firm Intego, which maintains a Mac security blog that monitors
various OS X-specific malware, first noticed and reported the
development. The firm was running the new version of OS X, when
they noticed it detected
and removed malware. The process was carried out via a
popup window, which they took a screenshot of, but they were either
unable to determine or chose not announce who made the antivirus
Intego's post indicated that they were not making
the product. ClamAV -- currently the AV engine in Apple's
server operating system -- also seems unlikely as the virus detected
had the signature "OSX.RSPlug.A", a signature that ClamAV
currently doesn't support (ClamAV does have a signature for
Similar, McAfee and Sophos use the names OSX/Puper.a 
and OSX/RSPlug-A ,
That leaves Symantec 
as one possibility. Another is that Apple has developed its own
proprietary antivirus software -- which would not be
Assuming that Intego's report is accurate (which
seems likely as they're a serious name in the security software
industry), it looks like Apple will finally be taking malware on its
consumer products seriously. It should be interesting to see
how the program stacks up to the free
offering that Microsoft is releasing later this year for Windows
7, Windows XP, and Windows Vista.
For many years Macs remained
largely free of malware, while their PC brethren struggled.
This was due to many factors – including a small marketshare and
the OS's generally sound design. Additionally, the web-based
attacks of today were somewhat less frequent back then because
browsers featured less rich content to exploit.
However, like any OS, OS X was not
without its holes -- on both the OS and the application level.
Recently, with more marketshare and Apple's increasing marketing
bravado, interest has picked up in attacking the OS. Recently,
attacking Macs emerged, but it appeared to be amateurish, unable to
reproduce due to the server it communicates with being dead.
Nonetheless, it seems a matter of time before more serious attacks,
implementing the proof-of-concept OS
X attacks that security researchers have been demonstrating, come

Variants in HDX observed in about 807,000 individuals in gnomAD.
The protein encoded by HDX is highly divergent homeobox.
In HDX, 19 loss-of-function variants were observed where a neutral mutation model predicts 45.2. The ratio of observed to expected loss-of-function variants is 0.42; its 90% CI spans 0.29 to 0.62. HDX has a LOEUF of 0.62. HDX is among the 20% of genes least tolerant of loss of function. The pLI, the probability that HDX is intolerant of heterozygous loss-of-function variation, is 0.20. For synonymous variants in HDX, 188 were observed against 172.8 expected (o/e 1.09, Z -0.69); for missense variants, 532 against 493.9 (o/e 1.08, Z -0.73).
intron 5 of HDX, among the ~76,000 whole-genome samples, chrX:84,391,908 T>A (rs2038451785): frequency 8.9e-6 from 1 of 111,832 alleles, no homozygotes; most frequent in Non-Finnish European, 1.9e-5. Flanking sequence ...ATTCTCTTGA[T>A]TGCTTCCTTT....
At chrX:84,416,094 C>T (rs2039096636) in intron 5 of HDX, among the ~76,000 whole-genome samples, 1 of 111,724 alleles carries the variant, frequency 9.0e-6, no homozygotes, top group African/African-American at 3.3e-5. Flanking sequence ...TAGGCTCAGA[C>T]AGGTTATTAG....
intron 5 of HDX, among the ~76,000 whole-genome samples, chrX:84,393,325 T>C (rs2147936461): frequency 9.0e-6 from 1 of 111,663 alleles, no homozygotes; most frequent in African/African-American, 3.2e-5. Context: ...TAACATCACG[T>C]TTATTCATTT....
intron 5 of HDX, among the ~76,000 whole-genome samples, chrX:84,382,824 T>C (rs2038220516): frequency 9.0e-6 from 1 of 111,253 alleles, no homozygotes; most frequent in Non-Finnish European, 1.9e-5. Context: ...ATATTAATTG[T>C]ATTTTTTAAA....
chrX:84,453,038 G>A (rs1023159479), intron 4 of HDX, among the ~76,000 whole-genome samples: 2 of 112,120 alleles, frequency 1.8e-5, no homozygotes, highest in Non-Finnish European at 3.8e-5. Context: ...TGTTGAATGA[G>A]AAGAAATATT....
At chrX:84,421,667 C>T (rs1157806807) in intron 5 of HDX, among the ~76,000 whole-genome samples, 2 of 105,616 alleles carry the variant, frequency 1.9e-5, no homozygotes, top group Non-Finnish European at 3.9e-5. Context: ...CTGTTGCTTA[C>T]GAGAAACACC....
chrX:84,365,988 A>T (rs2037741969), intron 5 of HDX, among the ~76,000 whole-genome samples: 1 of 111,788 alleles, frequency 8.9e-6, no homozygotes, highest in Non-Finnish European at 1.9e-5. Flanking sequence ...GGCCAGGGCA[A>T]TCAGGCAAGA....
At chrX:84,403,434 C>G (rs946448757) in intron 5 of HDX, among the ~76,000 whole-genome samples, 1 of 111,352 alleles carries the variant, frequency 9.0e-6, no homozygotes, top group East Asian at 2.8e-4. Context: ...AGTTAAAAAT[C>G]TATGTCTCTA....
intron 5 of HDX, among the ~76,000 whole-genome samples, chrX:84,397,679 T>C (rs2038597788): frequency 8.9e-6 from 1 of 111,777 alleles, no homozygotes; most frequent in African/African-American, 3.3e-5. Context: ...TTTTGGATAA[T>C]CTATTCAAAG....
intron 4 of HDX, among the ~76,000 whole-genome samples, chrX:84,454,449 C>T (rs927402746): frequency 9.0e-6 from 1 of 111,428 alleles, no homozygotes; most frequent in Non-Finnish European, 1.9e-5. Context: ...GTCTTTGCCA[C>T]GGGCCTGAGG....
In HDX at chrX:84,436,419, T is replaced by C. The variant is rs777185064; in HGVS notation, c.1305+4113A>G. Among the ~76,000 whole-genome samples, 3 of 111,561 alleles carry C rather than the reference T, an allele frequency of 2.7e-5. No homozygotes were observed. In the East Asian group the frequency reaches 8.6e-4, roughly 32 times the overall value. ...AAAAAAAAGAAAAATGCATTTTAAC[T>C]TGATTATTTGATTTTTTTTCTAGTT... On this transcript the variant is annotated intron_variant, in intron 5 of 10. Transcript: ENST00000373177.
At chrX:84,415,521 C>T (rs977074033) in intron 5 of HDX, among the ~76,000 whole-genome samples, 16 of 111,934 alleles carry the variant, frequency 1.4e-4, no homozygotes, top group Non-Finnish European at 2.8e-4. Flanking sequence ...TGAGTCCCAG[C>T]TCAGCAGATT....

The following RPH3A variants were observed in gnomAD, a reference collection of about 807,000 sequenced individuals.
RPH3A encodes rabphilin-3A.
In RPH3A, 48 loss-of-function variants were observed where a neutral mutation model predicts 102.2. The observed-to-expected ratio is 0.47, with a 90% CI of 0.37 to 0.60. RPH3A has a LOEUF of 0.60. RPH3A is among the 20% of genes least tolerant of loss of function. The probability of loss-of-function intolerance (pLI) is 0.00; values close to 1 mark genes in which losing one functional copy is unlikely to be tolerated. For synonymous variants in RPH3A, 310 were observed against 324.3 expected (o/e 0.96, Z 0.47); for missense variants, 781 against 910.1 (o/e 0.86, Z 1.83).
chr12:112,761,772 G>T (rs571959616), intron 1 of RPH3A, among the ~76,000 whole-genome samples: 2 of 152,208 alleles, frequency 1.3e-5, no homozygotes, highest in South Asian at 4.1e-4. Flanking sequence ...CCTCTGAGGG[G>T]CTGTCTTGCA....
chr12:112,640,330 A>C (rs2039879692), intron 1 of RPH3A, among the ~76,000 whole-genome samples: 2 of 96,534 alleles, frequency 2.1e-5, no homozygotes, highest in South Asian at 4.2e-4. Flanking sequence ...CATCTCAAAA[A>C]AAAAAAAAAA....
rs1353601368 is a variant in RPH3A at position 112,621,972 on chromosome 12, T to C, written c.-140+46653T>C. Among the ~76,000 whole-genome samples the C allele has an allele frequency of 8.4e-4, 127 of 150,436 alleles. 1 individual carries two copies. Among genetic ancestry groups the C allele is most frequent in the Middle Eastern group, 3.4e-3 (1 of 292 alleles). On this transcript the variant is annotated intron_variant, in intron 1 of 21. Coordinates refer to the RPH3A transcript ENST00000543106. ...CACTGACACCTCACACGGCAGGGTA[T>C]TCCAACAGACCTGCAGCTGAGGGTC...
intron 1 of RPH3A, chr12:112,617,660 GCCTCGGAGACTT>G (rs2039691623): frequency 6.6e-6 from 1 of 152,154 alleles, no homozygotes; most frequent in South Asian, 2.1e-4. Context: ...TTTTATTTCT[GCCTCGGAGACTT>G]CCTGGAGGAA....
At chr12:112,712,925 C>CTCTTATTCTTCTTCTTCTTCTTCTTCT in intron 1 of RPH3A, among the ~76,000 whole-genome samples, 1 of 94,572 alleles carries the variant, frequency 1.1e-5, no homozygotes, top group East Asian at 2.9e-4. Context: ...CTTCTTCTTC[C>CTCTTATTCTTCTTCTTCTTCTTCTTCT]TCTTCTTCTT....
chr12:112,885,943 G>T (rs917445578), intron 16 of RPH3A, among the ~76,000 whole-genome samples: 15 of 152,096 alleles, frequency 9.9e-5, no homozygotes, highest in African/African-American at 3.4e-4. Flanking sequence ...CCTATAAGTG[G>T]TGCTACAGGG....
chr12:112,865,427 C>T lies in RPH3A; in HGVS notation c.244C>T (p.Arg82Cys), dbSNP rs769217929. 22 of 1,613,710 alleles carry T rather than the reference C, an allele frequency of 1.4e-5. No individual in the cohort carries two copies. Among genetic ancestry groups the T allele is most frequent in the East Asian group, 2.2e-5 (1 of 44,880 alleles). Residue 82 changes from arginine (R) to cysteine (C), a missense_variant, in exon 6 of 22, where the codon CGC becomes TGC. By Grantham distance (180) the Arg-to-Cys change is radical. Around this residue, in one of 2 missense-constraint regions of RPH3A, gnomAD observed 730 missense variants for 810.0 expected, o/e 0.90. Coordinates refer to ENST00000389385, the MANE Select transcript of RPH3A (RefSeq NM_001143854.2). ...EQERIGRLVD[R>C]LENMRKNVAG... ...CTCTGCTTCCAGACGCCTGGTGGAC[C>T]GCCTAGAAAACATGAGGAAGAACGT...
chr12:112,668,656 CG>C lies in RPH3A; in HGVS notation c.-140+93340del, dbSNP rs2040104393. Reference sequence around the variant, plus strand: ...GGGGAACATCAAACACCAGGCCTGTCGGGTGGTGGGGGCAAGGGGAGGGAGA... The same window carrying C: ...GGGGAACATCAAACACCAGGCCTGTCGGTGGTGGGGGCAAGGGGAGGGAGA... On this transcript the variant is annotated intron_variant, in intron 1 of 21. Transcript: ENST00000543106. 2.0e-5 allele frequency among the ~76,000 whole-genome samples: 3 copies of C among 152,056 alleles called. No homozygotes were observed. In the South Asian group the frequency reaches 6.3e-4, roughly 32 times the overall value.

to light. One such recent proof-of-concept attack demonstrated
an an OS X keylogger
though Apple has since patched the route it used.
quote: There is some malware but the fact is that the numbers are not proportional to marketshare.
quote: piss poor security defaults & protocols, and long security patch waits are what make any OS more susceptible.
quote: Your argument also breaks down when you consider Linux has a smaller market share than OS X yet has slightly more malware available.
quote: There are many aspects of OSX that are just plain not secure either. A non secured app folder and the way applications are packaged (Specifically Bundles) are major security threats .
quote: Another big one is the way extensions work, for example in windows, you could have an infected file labelled virus.jpg.exe. Rename that to virus.jpg and it most likely will do nothing, opening up the app associated with the jpg extension. Well OSX does no such thing, you could completely remove the extension from an infected executable and it will still run as such.
quote: Furthermore unix and its dirivatives have been around for how many years? Not to mention a large chunk of malware were never meant for large scale deployment, and were merely a pet project. This is not really hard to believe either, considering some of the crazy nix developers out there. Most of these threats have been long patched too.